I Want My Pink Money Back!
Tuesday, August 2nd, 2016
When diagnosed with breast cancer, I figured the bazillion pink dollars me and my friends had raised over the years would provide me with easy access to clear treatment options and emotional support. Boy was I wrong.
First thing I discovered is that once your doctor shares news of your fate (over my cell phone during a high school meet–thoughtful, right?), it can take weeks and weeks to see a doctor or meet with some form of a consoling medical professional.
After several phone calls to an oncologist I’d heard was good, I was told that I was putting “the horse before the cart.” I needed to have surgery first and then speak to them. But didn’t I need genetic tests and an MRI? What options were out there? I’d seen the long lasting side effects from radiation, heard stories about missed tumors, and knew of the many debilitating side effects from “hormone therapy,” which is now pretty much standard of care for most breast cancer survivors with hormone sensitive tumors like me.
It was going to take several weeks to meet a surgeon. After much complaining I was granted a phone call with my surgeon’s nurse practitioner. She informed me that I could wait many weeks or months because my tumor was small. She described my breast mass as a “poopy tumor,” that would just need “a little radiation and lumpectomy, and then I could get on with my life.”
It appears that women’s breast cancer options are one size fits all. No one seemed interested in my immune function, mental-emotional state, past illnesses, genetics, or the fact that my aunt died from her “poopy” tumor. Despite several requests to meet with a caring, informed professional to help me deal and plan, I was never offered an appointment.
We women walk miles and miles, buy pink T shirts, totes, and kitchen appliances, raising a staggering $6 billion annually to improve the treatment of breast cancer. The pink money we raised seems to have bought us McMedicine standards of care that rob women of individualized care and few good options.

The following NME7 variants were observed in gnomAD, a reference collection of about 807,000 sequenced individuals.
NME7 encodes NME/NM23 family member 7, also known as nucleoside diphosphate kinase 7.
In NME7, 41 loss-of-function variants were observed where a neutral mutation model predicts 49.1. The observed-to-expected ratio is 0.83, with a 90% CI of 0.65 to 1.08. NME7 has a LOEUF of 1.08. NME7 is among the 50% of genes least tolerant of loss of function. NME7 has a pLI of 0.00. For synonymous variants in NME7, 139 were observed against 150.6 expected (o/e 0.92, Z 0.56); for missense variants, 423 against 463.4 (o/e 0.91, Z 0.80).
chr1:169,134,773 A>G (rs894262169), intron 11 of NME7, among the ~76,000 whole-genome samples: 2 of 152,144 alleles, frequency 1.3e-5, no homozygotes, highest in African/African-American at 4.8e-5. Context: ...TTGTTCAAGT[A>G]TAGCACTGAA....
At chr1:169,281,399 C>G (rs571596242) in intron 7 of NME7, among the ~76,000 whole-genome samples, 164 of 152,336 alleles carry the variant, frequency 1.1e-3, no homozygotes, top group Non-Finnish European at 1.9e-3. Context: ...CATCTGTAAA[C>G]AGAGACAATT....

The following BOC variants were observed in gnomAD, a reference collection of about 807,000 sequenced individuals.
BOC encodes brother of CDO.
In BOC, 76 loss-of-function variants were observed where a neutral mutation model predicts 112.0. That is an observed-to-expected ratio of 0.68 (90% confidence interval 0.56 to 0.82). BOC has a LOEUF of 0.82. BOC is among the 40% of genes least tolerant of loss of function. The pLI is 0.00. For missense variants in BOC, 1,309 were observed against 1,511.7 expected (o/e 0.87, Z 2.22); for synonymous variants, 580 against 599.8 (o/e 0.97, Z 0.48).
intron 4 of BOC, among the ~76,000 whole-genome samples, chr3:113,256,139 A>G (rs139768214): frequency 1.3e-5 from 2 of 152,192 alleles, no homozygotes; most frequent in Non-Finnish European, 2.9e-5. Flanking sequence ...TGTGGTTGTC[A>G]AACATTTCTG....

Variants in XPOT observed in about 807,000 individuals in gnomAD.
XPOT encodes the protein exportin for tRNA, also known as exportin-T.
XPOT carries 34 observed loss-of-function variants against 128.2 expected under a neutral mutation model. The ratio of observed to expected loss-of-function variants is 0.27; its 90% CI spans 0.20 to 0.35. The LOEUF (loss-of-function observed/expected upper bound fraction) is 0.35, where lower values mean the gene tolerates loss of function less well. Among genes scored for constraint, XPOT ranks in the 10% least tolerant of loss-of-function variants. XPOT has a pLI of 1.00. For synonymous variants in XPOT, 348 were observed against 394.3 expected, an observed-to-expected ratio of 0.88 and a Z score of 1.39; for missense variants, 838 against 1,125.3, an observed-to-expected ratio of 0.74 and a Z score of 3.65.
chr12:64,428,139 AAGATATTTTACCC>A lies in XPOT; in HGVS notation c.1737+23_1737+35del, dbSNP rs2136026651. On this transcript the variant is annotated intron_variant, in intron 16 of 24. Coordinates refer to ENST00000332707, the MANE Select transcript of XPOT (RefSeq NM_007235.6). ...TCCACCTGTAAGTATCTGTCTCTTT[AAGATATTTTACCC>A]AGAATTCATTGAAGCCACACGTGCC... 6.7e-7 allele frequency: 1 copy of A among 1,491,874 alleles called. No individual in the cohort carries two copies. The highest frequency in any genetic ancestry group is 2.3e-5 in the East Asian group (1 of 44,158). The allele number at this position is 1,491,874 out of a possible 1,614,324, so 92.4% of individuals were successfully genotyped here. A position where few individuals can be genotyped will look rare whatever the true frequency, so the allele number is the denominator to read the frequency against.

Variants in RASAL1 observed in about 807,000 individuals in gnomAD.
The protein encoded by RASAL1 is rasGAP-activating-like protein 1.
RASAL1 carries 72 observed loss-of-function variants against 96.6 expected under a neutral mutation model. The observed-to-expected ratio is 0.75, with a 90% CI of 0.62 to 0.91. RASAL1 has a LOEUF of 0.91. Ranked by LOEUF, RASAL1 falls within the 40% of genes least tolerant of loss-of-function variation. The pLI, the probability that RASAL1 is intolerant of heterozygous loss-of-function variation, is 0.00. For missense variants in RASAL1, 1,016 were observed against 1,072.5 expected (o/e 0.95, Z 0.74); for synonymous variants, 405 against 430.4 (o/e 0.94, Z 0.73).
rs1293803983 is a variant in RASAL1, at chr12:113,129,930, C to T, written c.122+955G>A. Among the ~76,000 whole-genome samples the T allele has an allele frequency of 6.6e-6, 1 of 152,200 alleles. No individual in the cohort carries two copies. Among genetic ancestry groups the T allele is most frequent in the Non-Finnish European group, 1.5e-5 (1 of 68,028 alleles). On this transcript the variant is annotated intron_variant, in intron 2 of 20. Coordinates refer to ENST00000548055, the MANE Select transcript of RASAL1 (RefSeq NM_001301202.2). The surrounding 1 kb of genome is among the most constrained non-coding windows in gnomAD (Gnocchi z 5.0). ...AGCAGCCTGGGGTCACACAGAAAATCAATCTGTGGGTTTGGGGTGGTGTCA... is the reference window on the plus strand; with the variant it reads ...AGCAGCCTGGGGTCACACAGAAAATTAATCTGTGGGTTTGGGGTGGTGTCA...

We deserve more. Way more. Within days of diagnosis all women should be offered emotional support and enpowered with information, if they want it. We are not all the same. We should not have the same treatments. Decisions are not all about mortality indices and cost efficacy. The medical world is changing at breakneck speed and there are many new things to consider.
With my my many weeks to wait, I dug for answers and wow am I glad I did. Had I followed the “standard of care” offered to me, (lumpectomy, radiation, and hormone therapy), I would have missed a second cancer, not been able to reconstruct my breasts at the time of surgery, exposed my organs and immune system to harmful radiation, and worst of all, I would have been placed on a 10 year medical regimen that could adversely affect my longevity, quality of life, relationships, and sense of well being.
I figured out what was best for me and my cancer. I researched radiation options, like proton and intra-operative, IOR. I understood there are dozens of important genetic markers beyond BRCA, and a world of immuno-therapies, such as dendritic vaccine which I did in Mexico with excellent results.
The billions of pink dollars we raise should be looking at more innovative ways to detect and treat breast cancer. I do not believe that the current standard of care, hormone suppressing therapy is right for all women. I’m fairly certain that we can be using lower doses of these drugs that would be better tolerated. Research exists showing cannabis inhibits breast cancer cells, while supporting bone growth and treating insomnia, without getting a high feeling. This could be the perfect adjuvant for the millions of women not tolerating hormone suppressing therapy. If we raise $350,000 I could run a double blind control study for breast cancer survivors right now in Israel using Cannabidiol. Dendritic vaccine is important and the future, and is available now in Mexico. Lets offer some trials for women opting to pretreat before surgery.
That surgical nurse was wrong. My “poopy tumor” was a big deal. If I had followed my her advice I would not be getting on with my life happily as I now am.
I hope this will be a wake up call to not throw our money into pink research that is poorly regulated, not well accounted for, and the funds that survive the greed largely fund chemotherapy trials. Lets take our pink money back and develop better options for women. Its our problem.
Check out http://thinkbeforeyoupink.org/resources/before-you-buy/